Cupertino (CA) – It was almost a sure bet, when Apple unveiled its new Intel Core Duo-based notebook computers three months ago, that the “Pro” designation beside “MacBook” indicated an entry-level model was on the way. Sure enough, Apple has come through today with a 13″ “non-Pro” MacBook, available now, with much of the same features as the 15″ models, and a price tag that finally flirts with the three-digit range.
Apple’s new, black 13″ MacBook running iChat.
Taking after its technological cousin – the new iPods – the $1,299 2.0 GHz MacBook models will be available in sleek white or a bold alternative that Apple just recently discovered, sleek black. (Patent pending.) While the display measures 13 inches diagonally, it will maintain the same “widescreen” aspect ratio as the 15- and 17″ MacBook Pros, with a maximum resolution of 1200 x 800. The $1,099 MacBook will be available in white only, and feature the 1.83 GHz processor that had been the MacBook Pro’s entry level speed when it was originally announced.
Today, Apple is citing SPECrate tests on the new Macbook that tout 5.1 times the integer performance, and 5.7 times the floating point performance, of the 1.42 GHz iBook G4 that everyone – including Apple – admitted to be severely outdated. Graphics for the new system will be driven by the on-board Intel 950 chipset, which should create a little bit of a performance gap between it and its 15″ big brother, which uses ATI’s Mobility Radeon X1600. Storage options will be limited to 60 GB 5400 rpm hard drives for the 1.83 GHz edition, or 60 GB or 80 GB drives for the 2.0 GHz edition, with upgrades ranging to 120 GB. SuperDrives capable of writing to DVD-R and -RW will be limited to the 2.0 GHz edition, with DVD-ROM/CD burner combo drives for the 1.83 GHz edition.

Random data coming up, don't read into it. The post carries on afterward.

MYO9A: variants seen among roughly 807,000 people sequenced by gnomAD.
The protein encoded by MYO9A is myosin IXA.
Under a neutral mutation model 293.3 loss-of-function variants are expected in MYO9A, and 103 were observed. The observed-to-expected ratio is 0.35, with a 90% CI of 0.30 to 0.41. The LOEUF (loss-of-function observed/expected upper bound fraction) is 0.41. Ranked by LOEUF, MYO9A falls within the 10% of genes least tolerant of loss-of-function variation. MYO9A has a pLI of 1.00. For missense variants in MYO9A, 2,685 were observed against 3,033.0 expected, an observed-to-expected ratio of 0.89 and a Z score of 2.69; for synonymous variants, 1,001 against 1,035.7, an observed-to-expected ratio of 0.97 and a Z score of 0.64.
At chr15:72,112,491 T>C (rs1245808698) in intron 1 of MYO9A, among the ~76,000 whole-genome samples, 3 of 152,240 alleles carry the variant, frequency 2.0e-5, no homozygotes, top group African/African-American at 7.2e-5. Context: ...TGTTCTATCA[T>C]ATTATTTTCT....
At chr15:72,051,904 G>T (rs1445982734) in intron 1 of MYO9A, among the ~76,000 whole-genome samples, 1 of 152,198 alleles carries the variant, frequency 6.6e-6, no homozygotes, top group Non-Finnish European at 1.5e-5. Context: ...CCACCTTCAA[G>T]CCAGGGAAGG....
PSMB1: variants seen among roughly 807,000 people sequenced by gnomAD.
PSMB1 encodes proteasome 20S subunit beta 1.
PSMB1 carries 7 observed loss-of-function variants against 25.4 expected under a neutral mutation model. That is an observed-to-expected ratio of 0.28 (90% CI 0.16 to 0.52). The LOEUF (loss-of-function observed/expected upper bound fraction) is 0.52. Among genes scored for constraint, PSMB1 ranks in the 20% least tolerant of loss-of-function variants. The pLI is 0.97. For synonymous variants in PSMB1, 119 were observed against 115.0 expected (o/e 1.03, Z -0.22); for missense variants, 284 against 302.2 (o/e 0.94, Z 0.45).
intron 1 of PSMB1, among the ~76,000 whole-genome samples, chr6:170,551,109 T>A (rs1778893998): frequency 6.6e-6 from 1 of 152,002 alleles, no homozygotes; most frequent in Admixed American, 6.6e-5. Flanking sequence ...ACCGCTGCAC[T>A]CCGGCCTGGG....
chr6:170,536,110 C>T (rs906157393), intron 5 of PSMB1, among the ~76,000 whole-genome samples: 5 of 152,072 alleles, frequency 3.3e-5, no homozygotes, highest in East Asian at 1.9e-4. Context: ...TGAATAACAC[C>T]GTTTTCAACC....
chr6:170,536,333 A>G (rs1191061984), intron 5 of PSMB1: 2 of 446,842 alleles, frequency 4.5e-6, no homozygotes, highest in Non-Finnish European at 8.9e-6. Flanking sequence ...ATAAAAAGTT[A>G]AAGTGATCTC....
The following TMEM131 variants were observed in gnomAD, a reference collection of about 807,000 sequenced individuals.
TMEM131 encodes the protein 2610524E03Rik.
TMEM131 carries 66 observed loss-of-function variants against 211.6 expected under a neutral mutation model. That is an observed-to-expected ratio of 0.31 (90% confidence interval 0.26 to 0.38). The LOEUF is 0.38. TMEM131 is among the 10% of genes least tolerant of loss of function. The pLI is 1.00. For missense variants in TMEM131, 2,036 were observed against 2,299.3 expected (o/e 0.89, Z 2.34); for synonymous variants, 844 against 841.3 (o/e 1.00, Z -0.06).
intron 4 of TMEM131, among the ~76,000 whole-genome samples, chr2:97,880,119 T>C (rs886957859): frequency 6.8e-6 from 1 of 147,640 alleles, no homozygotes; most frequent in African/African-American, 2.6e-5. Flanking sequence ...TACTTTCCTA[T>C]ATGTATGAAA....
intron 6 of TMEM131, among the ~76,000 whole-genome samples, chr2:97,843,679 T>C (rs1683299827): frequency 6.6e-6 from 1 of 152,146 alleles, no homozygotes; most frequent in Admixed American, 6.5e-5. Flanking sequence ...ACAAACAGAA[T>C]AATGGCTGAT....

To save space for this small device, there is no built-in modem. These days, many users might not even miss it. A USB modem is available, though gigabit Ethernet is built-in, as well as Airport 54 Mbps WiFi and Bluetooth 2.0 with Enhanced Data Rate. And Steve Jobs’ favorite gizmo, the iSight camera, is also built-in.
With its consumer notebook product line now filled out, analysts and observers are now waiting for what must be Apple’s next move – perhaps the only innovation remaining on the company’s checklist: the renovation of the company’s PowerMac line. It remains to be seen exactly what Intel processors will be used in Apple’s performance desktop line, to replace the current PowerMac G5s. But with some aspects of iMac and even MacBook Pro performance rivaling what’s attainable on today’s G5s, and with Intel having green-lighted its Core 2 Duo line, it’s a safe bet that a Conroe-based – or even a Woodcrest-based – architecture will highlight Apple’s new performance line.
The next big Apple event is the company’s Worldwide Developers’ Conference (WWDC), to be held the second week of August in San Francisco. Perhaps there, Steve Jobs will have yet another opportunity to reveal just “one more thing.”